Turkey lifts ban on Twitter after constitutional court ruling - official
The two week ban was lifted after the court ruled on Wednesday that the block violated freedom of expression and individual rights.
@RT_com They've lifted the ban, unblocking twitter here might take a little bit of time. Day or so some people are saying.
— Sara Firth (@SaraFirth_RT) April 3, 2014
In the run-up to last Sunday’s regional election, the social network had become a platform for leaking audio recordings of compromising conversations between government officials.
Erdogan, who claimed that the recordings were either manipulated, undermined national security, or intruded into private lives, sought last month to cut off access to Twitter and the video-sharing website, YouTube.
Among dozens of damaging revelations was a purported intelligence agency plan to stage a false flag attack on a Turkish monument in Syria, and a conversation between Erdogan and his family about millions of dollars in cash stashed in his house.
Nonetheless, Erdogan’s Islamist AK Party won Sunday’s vote, which was seen by many not as a municipal poll, but as a referendum on the party’s 12-year-rule.
Wiretapped recordings began to appear at the beginning of this year, following a political split between Erdogan and former ally and rival, Fethullah Gulen, a powerful preacher and politician currently exiled in the US.
Erdogan has accused Gulen of operating a 'deep state' of thousands of government and security service employees who are loyal to him and not to the government, and says the recordings are their handiwork.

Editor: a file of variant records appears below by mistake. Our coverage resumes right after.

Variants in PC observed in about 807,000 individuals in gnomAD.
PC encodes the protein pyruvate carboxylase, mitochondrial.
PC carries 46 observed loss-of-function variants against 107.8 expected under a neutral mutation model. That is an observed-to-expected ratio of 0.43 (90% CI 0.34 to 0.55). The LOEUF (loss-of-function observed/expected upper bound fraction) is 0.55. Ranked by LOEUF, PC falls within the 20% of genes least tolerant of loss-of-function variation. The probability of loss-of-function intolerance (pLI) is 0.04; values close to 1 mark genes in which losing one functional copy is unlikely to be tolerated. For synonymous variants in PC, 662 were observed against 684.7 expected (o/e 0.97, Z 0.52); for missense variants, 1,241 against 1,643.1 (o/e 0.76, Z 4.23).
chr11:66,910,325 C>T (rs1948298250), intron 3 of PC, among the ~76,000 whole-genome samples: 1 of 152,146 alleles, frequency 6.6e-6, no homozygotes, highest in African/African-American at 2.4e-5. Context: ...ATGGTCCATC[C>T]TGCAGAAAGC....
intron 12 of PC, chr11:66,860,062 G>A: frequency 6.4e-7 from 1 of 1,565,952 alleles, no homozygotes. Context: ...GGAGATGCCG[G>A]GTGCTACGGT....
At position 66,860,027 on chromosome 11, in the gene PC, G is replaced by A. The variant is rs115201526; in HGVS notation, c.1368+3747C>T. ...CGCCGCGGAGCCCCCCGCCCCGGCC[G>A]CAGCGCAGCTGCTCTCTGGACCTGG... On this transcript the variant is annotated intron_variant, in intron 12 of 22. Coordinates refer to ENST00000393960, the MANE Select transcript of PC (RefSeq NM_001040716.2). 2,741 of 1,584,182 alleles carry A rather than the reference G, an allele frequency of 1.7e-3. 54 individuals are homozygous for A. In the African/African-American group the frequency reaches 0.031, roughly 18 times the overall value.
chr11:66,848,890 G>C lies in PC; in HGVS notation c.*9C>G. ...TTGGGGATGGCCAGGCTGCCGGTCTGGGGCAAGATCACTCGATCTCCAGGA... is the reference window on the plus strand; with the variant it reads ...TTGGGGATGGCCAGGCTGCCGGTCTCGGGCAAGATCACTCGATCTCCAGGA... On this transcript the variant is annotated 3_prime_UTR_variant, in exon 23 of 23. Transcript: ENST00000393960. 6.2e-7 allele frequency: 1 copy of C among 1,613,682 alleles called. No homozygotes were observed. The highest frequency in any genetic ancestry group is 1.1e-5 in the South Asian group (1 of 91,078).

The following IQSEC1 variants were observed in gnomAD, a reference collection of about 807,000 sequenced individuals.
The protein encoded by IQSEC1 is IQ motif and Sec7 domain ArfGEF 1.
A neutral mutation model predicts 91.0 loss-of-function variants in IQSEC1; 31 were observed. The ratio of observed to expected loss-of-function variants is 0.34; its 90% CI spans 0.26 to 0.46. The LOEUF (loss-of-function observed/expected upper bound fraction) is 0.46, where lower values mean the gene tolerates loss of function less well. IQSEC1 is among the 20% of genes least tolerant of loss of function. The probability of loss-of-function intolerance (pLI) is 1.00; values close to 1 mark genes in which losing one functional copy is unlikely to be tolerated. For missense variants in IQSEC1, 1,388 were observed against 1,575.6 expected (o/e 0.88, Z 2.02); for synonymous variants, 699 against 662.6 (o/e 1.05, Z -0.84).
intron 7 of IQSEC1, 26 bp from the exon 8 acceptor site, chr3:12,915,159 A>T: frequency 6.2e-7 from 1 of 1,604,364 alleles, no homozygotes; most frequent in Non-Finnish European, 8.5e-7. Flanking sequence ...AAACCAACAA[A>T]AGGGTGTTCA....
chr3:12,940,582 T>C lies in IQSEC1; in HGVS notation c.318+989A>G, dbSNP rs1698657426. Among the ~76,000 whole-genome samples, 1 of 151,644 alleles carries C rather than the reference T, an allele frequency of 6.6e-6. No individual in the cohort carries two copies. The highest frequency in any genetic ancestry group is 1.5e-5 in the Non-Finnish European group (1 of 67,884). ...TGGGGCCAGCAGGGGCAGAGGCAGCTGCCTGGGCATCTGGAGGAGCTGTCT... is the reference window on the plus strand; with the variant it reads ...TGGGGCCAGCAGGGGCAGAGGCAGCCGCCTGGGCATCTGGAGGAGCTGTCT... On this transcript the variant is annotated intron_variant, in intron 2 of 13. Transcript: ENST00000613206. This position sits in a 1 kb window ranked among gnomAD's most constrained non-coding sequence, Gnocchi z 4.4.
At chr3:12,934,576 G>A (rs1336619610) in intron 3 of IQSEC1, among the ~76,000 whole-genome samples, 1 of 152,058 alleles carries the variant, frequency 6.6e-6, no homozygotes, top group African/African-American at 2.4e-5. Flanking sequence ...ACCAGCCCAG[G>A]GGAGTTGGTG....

Gulen has denied the accusations.
While Erdogan initially appeared merely peeved by the leaks, as a tumultuous election approached, he began to take concrete measures.
A government-sponsored bill in February made it easy to block websites without a court order.
In his stump speeches, Erdogan called the internet-sourced allegations “villainous” and promised to “root out” Twitter, which has more than 10 million users in the country. He also railed against other social networks such as Facebook, which he threatened to shut down.
Erdogan’s critics at home, and even longtime foreign allies such as the US, criticized his crackdown, calling it a move towards authoritarianism.
Nonetheless, the AK Party has captured 45 percent of the vote – six more than in the last comparable election in 2009 – far more than the block of opposition parties.
In the aftermath, Erdogan promised to find the “coup-supporting traitors” who opposed him and released the audio tapes and “hunt them down in their lair.”